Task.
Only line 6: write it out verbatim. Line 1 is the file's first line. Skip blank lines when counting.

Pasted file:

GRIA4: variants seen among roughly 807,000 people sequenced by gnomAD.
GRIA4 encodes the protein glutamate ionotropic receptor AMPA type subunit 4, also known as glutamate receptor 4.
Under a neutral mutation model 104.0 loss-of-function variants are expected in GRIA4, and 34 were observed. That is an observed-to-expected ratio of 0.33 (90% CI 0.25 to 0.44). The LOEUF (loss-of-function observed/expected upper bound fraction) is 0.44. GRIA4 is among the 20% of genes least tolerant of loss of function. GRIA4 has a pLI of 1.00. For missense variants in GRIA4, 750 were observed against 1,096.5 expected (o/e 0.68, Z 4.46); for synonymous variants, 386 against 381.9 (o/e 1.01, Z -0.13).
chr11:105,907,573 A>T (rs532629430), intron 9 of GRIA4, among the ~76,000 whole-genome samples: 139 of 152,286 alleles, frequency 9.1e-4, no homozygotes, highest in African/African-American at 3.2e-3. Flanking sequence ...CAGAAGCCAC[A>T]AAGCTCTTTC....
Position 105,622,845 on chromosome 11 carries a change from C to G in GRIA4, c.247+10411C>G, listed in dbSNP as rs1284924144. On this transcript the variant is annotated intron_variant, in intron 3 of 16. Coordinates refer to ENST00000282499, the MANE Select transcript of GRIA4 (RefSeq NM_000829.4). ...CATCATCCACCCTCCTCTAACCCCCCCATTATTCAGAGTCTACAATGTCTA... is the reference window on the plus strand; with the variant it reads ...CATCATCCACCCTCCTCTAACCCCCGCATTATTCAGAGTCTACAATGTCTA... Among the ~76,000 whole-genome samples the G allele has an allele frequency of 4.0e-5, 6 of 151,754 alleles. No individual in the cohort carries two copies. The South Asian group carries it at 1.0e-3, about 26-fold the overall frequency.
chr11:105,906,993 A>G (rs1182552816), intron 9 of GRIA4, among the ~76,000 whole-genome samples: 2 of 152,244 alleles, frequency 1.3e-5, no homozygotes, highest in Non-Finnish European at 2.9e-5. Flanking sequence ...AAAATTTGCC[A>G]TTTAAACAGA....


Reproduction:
chr11:105,906,993 A>G (rs1182552816), intron 9 of GRIA4, among the ~76,000 whole-genome samples: 2 of 152,244 alleles, frequency 1.3e-5, no homozygotes, highest in Non-Finnish European at 2.9e-5. Flanking sequence ...AAAATTTGCC[A>G]TTTAAACAGA....